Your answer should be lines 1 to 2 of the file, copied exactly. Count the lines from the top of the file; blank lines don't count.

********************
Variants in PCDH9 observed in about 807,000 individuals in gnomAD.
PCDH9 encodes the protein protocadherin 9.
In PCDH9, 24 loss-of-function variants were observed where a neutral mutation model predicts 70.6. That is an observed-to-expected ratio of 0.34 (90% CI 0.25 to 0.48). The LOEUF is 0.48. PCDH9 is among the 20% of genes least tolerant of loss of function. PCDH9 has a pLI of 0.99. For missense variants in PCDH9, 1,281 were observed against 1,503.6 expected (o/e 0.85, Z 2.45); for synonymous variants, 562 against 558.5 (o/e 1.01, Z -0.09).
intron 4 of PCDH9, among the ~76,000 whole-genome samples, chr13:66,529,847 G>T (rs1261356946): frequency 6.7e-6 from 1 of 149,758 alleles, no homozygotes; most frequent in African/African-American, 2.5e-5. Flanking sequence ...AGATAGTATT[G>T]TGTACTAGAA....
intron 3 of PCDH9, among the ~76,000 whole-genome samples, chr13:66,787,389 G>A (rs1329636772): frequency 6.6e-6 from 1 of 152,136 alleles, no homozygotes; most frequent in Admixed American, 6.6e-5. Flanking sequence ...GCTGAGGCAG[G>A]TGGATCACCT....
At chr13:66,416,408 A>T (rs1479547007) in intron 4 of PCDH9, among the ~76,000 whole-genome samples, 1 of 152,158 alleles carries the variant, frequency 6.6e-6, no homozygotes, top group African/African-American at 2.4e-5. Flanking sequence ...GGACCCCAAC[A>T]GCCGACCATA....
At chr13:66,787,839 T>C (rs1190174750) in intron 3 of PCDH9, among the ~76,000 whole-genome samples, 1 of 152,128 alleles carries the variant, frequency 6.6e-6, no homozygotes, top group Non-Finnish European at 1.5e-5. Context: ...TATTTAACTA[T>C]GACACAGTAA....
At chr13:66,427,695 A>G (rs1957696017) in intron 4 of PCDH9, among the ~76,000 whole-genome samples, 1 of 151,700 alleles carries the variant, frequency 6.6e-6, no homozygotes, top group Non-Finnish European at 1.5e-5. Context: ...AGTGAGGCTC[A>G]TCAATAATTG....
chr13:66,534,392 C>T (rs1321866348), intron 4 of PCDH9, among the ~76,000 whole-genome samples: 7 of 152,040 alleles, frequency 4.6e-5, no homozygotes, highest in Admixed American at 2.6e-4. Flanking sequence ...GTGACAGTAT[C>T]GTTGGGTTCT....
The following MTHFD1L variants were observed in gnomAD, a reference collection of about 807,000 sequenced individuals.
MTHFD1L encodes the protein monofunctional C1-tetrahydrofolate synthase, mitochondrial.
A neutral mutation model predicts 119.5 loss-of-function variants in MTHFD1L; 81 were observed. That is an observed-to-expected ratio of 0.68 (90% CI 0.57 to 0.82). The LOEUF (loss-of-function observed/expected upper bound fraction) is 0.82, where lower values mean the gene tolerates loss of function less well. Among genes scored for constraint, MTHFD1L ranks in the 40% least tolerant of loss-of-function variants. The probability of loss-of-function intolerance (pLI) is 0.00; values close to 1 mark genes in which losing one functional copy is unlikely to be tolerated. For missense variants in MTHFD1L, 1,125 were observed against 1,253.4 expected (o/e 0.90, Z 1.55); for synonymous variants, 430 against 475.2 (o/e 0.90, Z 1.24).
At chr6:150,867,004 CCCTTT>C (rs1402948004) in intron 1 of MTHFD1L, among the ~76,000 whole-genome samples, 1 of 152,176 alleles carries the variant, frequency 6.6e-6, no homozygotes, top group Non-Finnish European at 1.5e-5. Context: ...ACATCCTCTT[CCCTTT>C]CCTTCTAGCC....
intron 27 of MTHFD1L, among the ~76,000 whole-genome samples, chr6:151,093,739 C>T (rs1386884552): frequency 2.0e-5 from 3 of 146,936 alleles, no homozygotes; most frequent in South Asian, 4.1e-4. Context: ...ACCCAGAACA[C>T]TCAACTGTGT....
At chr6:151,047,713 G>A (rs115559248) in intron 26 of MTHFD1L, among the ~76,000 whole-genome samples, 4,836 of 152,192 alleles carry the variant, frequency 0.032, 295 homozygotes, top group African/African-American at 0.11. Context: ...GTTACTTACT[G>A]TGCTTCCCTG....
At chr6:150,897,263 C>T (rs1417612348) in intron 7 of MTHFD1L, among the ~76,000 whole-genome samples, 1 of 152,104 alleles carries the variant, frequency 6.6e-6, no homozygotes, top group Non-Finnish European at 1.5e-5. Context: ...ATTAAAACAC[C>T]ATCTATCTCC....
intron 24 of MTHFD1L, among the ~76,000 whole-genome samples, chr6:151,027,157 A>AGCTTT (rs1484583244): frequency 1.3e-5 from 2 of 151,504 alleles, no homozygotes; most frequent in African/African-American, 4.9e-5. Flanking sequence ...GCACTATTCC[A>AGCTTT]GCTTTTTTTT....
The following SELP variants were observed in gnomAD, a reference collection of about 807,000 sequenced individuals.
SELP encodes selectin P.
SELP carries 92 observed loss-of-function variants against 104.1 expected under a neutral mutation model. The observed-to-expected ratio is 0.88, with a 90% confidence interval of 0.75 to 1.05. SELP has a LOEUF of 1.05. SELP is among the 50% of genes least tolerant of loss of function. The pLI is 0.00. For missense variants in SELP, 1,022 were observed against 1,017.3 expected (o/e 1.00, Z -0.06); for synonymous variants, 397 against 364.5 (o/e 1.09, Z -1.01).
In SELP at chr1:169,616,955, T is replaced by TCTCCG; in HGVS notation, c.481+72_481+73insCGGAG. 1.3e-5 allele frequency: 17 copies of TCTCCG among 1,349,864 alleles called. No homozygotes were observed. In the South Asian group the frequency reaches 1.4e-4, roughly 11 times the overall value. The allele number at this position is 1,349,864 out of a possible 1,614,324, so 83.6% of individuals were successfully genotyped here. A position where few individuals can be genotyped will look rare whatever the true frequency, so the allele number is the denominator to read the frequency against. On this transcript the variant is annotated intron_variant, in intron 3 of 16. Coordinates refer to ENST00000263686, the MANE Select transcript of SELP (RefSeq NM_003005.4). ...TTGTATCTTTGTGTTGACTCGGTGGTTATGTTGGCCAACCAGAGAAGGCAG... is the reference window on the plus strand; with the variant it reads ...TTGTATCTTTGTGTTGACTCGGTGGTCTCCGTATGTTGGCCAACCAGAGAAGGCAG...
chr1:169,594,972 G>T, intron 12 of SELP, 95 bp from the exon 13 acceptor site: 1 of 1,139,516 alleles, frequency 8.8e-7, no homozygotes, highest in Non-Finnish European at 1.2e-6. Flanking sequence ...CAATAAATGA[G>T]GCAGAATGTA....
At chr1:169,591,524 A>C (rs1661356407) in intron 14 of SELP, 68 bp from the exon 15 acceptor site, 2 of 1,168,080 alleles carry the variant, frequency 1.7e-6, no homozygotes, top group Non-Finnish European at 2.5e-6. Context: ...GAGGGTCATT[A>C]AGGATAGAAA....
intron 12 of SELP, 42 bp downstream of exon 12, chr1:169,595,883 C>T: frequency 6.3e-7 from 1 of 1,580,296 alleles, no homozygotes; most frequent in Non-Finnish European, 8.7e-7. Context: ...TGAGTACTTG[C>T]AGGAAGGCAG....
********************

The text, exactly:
Variants in PCDH9 observed in about 807,000 individuals in gnomAD.
PCDH9 encodes the protein protocadherin 9.